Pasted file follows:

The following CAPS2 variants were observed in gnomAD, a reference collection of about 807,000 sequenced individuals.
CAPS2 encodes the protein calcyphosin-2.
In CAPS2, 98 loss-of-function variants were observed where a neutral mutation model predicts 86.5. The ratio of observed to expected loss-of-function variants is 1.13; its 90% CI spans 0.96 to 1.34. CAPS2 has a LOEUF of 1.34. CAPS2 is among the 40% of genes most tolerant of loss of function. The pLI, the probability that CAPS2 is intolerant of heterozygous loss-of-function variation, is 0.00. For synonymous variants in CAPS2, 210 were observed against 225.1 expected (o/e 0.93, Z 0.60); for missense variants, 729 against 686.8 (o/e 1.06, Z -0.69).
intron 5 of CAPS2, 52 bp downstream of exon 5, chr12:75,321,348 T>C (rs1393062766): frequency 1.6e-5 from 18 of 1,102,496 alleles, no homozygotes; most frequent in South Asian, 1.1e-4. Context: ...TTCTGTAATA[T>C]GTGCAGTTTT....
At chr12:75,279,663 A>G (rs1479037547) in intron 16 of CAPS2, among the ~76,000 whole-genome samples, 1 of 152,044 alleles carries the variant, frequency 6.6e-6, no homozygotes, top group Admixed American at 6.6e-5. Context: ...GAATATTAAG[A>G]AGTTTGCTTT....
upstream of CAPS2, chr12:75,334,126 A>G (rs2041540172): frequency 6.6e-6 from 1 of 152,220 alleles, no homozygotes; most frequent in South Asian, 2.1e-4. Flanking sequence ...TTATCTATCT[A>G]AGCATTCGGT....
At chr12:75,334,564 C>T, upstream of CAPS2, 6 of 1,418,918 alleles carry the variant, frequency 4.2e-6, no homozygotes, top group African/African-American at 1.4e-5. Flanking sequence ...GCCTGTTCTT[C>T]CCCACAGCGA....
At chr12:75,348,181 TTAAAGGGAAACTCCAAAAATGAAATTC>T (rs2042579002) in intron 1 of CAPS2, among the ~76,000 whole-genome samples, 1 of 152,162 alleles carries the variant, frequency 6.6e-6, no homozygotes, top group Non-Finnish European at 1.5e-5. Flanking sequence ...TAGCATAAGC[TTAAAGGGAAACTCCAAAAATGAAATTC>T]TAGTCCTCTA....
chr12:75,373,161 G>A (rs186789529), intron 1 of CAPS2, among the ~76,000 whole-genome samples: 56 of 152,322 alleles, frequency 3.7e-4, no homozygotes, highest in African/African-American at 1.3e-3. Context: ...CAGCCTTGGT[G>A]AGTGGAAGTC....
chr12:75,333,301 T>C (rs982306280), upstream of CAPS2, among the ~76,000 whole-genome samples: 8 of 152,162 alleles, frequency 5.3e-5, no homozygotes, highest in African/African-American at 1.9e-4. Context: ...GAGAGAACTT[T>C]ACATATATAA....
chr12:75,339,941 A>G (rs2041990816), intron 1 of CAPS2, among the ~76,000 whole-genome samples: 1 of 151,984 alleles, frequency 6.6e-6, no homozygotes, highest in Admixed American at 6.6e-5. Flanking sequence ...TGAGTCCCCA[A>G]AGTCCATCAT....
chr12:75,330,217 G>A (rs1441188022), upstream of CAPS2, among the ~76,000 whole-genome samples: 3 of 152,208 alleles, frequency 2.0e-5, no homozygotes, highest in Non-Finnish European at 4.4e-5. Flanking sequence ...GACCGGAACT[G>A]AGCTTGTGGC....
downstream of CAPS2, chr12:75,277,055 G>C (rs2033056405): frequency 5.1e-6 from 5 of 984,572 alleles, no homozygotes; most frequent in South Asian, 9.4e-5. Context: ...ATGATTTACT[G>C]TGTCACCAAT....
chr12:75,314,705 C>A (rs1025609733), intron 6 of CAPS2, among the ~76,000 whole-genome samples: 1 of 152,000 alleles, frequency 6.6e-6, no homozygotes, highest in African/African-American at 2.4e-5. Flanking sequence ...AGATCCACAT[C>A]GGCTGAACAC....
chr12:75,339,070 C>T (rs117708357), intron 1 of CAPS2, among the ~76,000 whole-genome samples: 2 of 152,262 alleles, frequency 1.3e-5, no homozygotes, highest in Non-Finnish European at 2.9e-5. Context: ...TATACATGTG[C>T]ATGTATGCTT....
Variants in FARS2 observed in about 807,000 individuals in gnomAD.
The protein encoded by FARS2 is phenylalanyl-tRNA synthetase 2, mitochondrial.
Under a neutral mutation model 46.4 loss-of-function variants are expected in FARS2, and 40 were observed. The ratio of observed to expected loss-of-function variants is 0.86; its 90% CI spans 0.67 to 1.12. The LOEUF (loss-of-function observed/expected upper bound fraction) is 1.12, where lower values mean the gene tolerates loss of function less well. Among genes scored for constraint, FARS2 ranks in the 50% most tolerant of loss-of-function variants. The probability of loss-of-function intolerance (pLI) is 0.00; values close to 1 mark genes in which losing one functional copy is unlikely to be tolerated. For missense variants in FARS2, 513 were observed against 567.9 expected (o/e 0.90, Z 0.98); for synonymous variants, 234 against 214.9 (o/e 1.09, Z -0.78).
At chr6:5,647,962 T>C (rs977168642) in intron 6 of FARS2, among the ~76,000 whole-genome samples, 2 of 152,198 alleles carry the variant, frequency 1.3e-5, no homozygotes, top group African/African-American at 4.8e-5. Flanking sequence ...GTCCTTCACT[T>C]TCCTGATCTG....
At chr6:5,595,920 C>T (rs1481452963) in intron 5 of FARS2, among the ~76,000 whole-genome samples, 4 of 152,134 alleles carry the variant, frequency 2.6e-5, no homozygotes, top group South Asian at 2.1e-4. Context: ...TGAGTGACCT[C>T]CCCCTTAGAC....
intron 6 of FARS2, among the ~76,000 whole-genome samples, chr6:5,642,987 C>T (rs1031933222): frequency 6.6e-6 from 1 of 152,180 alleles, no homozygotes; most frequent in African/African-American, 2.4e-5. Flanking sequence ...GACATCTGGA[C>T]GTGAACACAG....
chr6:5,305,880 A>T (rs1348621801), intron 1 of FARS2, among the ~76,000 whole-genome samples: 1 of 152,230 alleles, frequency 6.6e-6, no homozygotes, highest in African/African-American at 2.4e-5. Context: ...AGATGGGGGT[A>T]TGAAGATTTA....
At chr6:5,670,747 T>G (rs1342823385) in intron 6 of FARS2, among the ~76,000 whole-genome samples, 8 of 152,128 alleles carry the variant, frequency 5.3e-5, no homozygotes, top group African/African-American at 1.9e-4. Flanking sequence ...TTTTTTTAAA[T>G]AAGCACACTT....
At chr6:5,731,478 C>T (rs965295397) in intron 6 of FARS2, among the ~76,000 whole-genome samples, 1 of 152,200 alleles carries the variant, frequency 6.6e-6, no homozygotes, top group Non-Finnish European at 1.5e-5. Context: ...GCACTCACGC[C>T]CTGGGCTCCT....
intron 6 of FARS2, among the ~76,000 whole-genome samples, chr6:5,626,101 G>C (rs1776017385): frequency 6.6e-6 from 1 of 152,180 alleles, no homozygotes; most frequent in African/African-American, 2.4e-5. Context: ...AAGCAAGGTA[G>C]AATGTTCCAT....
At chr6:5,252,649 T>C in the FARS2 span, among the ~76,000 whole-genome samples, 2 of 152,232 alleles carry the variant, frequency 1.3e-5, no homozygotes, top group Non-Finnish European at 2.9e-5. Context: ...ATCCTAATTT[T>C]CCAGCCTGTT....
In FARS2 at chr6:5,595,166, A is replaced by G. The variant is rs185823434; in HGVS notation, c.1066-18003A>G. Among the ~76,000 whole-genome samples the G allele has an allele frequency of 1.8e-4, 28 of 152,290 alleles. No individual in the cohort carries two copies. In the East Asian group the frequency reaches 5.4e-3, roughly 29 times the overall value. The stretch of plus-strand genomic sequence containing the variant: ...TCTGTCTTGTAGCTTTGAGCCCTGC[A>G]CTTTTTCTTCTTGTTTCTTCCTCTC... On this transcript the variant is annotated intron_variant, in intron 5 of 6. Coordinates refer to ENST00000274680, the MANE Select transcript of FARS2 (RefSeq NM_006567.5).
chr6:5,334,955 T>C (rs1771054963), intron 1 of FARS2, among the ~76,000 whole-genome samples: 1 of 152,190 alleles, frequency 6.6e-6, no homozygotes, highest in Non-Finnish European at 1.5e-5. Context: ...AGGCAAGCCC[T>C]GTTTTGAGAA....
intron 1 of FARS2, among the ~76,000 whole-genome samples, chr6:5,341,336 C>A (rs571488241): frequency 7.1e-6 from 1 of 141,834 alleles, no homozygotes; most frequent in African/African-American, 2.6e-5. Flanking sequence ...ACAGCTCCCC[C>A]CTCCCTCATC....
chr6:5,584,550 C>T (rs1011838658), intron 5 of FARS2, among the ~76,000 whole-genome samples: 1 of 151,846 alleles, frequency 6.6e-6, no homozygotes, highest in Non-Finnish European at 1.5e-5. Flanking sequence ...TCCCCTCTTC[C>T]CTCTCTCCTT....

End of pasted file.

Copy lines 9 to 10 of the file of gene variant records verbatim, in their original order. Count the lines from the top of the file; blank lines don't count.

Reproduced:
chr12:75,373,161 G>A (rs186789529), intron 1 of CAPS2, among the ~76,000 whole-genome samples: 56 of 152,322 alleles, frequency 3.7e-4, no homozygotes, highest in African/African-American at 1.3e-3. Context: ...CAGCCTTGGT[G>A]AGTGGAAGTC....
chr12:75,333,301 T>C (rs982306280), upstream of CAPS2, among the ~76,000 whole-genome samples: 8 of 152,162 alleles, frequency 5.3e-5, no homozygotes, highest in African/African-American at 1.9e-4. Context: ...GAGAGAACTT[T>C]ACATATATAA....